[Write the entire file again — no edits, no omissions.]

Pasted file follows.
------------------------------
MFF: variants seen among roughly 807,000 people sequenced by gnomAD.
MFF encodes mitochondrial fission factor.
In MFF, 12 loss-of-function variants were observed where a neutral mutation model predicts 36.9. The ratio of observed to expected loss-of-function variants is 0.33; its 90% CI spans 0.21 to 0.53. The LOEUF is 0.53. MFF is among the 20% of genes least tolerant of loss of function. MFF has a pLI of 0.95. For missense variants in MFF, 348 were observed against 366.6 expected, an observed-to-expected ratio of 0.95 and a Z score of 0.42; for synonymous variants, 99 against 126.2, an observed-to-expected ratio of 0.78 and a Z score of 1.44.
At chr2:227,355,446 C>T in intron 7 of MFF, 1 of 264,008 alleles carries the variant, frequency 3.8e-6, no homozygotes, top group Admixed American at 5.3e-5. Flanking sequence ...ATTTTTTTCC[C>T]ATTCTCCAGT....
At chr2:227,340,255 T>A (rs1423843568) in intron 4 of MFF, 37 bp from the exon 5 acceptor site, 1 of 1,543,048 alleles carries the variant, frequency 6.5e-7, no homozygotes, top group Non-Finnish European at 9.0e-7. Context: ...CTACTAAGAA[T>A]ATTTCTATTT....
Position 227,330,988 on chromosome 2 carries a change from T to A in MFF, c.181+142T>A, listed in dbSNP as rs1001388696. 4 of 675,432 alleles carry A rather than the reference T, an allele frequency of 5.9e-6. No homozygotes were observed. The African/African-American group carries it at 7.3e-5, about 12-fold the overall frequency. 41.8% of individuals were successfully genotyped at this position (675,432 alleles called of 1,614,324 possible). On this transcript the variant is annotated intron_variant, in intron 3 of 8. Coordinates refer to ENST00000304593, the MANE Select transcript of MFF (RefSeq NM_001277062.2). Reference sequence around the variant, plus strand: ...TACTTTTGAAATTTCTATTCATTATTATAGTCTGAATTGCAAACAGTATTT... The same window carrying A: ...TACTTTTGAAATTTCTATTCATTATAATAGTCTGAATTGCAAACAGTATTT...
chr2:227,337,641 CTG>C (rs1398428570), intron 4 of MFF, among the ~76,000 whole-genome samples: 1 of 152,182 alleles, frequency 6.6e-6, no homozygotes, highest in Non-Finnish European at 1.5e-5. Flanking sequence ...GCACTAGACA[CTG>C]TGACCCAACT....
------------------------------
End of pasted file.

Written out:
MFF: variants seen among roughly 807,000 people sequenced by gnomAD.
MFF encodes mitochondrial fission factor.
In MFF, 12 loss-of-function variants were observed where a neutral mutation model predicts 36.9. The ratio of observed to expected loss-of-function variants is 0.33; its 90% CI spans 0.21 to 0.53. The LOEUF is 0.53. MFF is among the 20% of genes least tolerant of loss of function. MFF has a pLI of 0.95. For missense variants in MFF, 348 were observed against 366.6 expected, an observed-to-expected ratio of 0.95 and a Z score of 0.42; for synonymous variants, 99 against 126.2, an observed-to-expected ratio of 0.78 and a Z score of 1.44.
At chr2:227,355,446 C>T in intron 7 of MFF, 1 of 264,008 alleles carries the variant, frequency 3.8e-6, no homozygotes, top group Admixed American at 5.3e-5. Flanking sequence ...ATTTTTTTCC[C>T]ATTCTCCAGT....
At chr2:227,340,255 T>A (rs1423843568) in intron 4 of MFF, 37 bp from the exon 5 acceptor site, 1 of 1,543,048 alleles carries the variant, frequency 6.5e-7, no homozygotes, top group Non-Finnish European at 9.0e-7. Context: ...CTACTAAGAA[T>A]ATTTCTATTT....
Position 227,330,988 on chromosome 2 carries a change from T to A in MFF, c.181+142T>A, listed in dbSNP as rs1001388696. 4 of 675,432 alleles carry A rather than the reference T, an allele frequency of 5.9e-6. No homozygotes were observed. The African/African-American group carries it at 7.3e-5, about 12-fold the overall frequency. 41.8% of individuals were successfully genotyped at this position (675,432 alleles called of 1,614,324 possible). On this transcript the variant is annotated intron_variant, in intron 3 of 8. Coordinates refer to ENST00000304593, the MANE Select transcript of MFF (RefSeq NM_001277062.2). Reference sequence around the variant, plus strand: ...TACTTTTGAAATTTCTATTCATTATTATAGTCTGAATTGCAAACAGTATTT... The same window carrying A: ...TACTTTTGAAATTTCTATTCATTATAATAGTCTGAATTGCAAACAGTATTT...
chr2:227,337,641 CTG>C (rs1398428570), intron 4 of MFF, among the ~76,000 whole-genome samples: 1 of 152,182 alleles, frequency 6.6e-6, no homozygotes, highest in Non-Finnish European at 1.5e-5. Flanking sequence ...GCACTAGACA[CTG>C]TGACCCAACT....